Skip to main content

You are here

Yi-Pin Lin, Ph.D.

Yi-Pin Lin, Ph.D.

Zoonotic Diseases
Ph.D., Cornell University
Postdoctoral training: Tufts University School of Medicine
Office: 518-402-2233; Lab: 518-473-2789

Research Interests

Lyme disease, transmitted by the bacteria Borrelia burgdorferi, is the most common vector-borne disease in the U.S. The bacteria can infect at the site of the tick bite and then survive in the bloodstream and spread to the heart, joints, or brain, resulting arthritis, neurological abnormalities, and carditis. According to the Center of Disease Control and Prevention (CDC), approximate 30,000 people are infected annually, and most of them are in the Mid-west and Northeast states including New York State.

The research in my laboratory investigates the mechanisms of pathogen-host interactions. We are particularly interested in how the Lyme disease bacteria, Borrelia burgdorferi, survive in two distinct host environments (ticks and vertebrate hosts) by escaping from the killing of the complement system to cause transmission between hosts, dissemination, and diseases. Our goal is to identify and analyze the complement- or complement regulator-binding factors of B. burgdorferi, which facilitate the immune evasion, tissue colonization, and bloodstream survival in different hosts. The approach is to use genome-wide screens such as Transposon-sequencing technology (Tn-seq) to identify these factors and then test their contributions to the disease by using biochemical and genetic techniques and murine models. These factors could be targets to block the bacterial transmission between hosts. Illumination of the mechanisms employed by B. burgdorferi to interact with hosts will promote the development of prophylactic and therapeutic approaches to improve human health.

Select Publications

Marcinkiewicz AL, Brangulis K, Dupuis AP 2nd, Hart TM, Zamba-Campero M, Nowak TA, Stout JL, Akopjana I, Kazaks A, Bogans J, Ciota AT, Kraiczy P, Kolokotronis SO, Lin YP.
Structural evolution of an immune evasion determinant shapes pathogen host tropism.
Proc Natl Acad Sci U S A.
DOI: 10.1073/pnas.2301549120
Nowak TA, Lown LA, Marcinkiewicz AL, Sürth V, Kraiczy P, Burke R, Lin YP.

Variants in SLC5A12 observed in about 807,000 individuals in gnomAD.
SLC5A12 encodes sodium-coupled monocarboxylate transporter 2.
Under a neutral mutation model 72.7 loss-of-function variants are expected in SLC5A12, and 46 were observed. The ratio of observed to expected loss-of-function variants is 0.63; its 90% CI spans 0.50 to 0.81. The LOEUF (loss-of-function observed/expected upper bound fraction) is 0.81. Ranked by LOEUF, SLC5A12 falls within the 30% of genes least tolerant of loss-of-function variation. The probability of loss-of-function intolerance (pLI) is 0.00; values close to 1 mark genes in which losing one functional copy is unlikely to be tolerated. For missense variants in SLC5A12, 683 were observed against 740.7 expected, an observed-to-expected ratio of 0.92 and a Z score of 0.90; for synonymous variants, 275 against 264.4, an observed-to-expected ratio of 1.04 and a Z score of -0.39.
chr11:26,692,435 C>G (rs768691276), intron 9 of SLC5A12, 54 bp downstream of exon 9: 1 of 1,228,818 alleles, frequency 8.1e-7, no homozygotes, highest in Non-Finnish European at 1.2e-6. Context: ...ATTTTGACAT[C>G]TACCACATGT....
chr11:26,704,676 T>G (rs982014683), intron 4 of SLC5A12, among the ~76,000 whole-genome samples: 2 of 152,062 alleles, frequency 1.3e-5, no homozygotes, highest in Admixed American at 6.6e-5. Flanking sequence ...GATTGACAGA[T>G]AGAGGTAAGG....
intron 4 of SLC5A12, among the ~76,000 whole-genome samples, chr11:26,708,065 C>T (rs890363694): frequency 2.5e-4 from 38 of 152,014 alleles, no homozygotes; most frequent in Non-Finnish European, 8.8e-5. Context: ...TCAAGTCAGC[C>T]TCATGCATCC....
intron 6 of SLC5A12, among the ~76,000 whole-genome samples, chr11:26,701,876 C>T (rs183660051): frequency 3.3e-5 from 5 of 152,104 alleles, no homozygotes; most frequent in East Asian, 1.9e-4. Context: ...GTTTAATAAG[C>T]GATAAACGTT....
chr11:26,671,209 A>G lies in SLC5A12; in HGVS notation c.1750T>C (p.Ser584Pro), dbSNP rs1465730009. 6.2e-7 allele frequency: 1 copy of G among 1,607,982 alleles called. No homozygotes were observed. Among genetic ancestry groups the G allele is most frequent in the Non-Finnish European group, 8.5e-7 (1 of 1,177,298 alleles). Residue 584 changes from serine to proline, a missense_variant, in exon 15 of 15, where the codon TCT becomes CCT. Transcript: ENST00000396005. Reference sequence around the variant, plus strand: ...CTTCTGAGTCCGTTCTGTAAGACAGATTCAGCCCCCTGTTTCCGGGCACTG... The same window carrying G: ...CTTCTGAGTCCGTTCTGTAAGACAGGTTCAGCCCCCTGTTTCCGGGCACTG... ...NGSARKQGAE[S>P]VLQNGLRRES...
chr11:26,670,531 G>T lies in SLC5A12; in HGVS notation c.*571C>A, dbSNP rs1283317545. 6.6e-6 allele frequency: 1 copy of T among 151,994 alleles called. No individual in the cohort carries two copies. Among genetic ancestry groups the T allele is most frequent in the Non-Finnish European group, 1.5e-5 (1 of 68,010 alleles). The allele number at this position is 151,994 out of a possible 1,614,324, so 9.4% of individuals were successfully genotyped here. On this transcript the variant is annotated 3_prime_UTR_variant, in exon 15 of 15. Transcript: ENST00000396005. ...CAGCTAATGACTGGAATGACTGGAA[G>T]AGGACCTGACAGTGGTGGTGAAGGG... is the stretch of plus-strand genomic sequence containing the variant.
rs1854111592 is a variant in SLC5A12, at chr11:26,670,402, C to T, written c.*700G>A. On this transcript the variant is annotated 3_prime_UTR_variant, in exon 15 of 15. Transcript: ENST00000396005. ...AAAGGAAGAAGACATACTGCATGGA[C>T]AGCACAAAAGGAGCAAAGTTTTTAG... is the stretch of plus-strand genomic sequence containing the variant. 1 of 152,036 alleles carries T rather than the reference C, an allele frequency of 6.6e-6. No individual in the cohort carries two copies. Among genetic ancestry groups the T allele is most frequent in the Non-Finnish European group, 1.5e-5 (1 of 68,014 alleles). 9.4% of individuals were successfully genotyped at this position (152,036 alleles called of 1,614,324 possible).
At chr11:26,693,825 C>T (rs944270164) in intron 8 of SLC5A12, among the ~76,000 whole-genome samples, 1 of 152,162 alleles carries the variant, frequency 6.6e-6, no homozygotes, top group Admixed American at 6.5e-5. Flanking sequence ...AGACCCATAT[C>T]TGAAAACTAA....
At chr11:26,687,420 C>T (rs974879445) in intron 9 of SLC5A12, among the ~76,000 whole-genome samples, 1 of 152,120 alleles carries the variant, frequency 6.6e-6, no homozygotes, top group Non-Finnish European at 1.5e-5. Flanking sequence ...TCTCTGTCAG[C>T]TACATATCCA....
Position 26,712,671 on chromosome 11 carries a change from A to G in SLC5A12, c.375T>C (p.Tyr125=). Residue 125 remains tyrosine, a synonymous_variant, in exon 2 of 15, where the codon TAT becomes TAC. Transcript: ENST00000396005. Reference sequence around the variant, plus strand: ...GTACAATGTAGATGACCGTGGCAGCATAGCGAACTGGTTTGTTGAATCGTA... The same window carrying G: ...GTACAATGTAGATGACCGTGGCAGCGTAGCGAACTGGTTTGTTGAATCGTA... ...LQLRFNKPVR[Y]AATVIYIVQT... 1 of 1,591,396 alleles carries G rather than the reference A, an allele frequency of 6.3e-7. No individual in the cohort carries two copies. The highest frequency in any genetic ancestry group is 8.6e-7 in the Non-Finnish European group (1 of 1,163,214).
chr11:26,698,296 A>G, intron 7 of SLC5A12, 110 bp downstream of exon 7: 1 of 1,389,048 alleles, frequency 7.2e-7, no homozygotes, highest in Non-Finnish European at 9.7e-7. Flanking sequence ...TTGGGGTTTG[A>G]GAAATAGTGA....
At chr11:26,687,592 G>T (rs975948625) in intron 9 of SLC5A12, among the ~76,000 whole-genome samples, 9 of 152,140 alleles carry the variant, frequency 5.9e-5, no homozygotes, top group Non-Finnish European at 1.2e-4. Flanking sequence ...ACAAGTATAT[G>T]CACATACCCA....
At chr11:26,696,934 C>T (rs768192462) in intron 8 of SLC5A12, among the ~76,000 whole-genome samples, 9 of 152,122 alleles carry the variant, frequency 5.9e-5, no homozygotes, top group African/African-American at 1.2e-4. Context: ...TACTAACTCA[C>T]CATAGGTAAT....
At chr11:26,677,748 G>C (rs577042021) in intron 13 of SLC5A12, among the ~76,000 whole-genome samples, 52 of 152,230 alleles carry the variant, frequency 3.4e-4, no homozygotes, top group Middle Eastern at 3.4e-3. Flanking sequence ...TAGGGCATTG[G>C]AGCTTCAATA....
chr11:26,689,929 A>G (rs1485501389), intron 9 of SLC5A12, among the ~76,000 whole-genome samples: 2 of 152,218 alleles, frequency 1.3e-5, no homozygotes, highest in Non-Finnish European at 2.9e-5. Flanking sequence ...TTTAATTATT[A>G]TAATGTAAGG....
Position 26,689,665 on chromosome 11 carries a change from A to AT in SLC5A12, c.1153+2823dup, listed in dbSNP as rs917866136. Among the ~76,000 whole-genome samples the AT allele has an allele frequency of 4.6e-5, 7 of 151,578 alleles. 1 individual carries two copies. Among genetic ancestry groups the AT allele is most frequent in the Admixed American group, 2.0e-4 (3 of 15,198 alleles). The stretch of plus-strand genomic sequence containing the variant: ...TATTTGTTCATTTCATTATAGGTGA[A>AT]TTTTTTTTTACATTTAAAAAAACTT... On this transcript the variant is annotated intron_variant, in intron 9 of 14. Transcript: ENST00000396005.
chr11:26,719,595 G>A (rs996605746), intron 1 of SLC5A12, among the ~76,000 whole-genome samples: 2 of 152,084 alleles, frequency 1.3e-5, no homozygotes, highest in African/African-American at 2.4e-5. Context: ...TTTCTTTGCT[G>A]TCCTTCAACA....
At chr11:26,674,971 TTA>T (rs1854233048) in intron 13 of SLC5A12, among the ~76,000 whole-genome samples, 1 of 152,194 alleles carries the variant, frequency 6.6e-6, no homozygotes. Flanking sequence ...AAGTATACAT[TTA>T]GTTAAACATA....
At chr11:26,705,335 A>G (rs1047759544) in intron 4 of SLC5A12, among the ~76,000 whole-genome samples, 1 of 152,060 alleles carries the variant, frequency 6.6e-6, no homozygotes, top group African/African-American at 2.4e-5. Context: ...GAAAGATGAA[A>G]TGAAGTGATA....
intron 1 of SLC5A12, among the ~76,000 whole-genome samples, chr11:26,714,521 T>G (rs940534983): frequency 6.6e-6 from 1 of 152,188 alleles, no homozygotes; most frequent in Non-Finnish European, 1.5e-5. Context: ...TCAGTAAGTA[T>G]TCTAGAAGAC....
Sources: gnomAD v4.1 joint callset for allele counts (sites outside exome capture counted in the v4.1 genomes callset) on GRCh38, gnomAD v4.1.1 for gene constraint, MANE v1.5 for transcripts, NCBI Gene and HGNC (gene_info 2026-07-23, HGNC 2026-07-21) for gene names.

Outer surface protein E (OspE) mediates Borrelia burgdorferi sensu stricto strain-specific complement evasion in the eastern fence lizard, Sceloporus undulatus.
Ticks Tick Borne Dis.
DOI: 10.1016/j.ttbdis.2022.102081
Combs M, Marcinkiewicz AL, Dupuis AP 2nd, Davis AD, Lederman P, Nowak TA, Stout JL, Strle K, Fingerle V, Margos G, Ciota AT, Diuk-Wasser MA, Kolokotronis SO, Lin YP.
Phylogenomic Diversity Elucidates Mechanistic Insights into Lyme Borreliae-Host Association.
DOI: 10.1128/msystems.00488-22
Lin YP, Tufts DM, Combs M, Dupuis AP 2nd, Marcinkiewicz AL, Hirsbrunner AD, Diaz AJ, Stout JL, Blom AM, Strle K, Davis AD, Kramer LD, Kolokotronis SO, Diuk-Wasser MA.
Cellular and immunological mechanisms influence host-adapted phenotypes in a vector-borne microparasite.
Proc Biol Sci.
DOI: 0.1098/rspb.2021.2087
Chen YL, Marcinkiewicz AL, Nowak TA, Tyagi Kundu R, Liu Z, Strych U, Bottazzi ME, Chen WH, Lin YP.
CspZ FH-Binding Sites as Epitopes Promote Antibody-Mediated Lyme Borreliae Clearance.
Infect Immun.
DOI: 10.1128/iai.00062-22
Hart TM, Dupuis AP 2nd, Tufts DM, Blom AM, Starkey SR, Rego ROM, Ram S, Kraiczy P, Kramer LD, Diuk-Wasser MA, Kolokotronis SO, Lin YP.
Host tropism determination by convergent evolution of immunological evasion in the Lyme disease system.
PLoS Pathog.
DOI: 10.1371/journal.ppat.1009801
Lin YP, Diuk-Wasser MA, Stevenson B, Kraiczy P.
Complement Evasion Contributes to Lyme Borreliae-Host Associations.
Trends Parasitol.
DOI: 10.1016/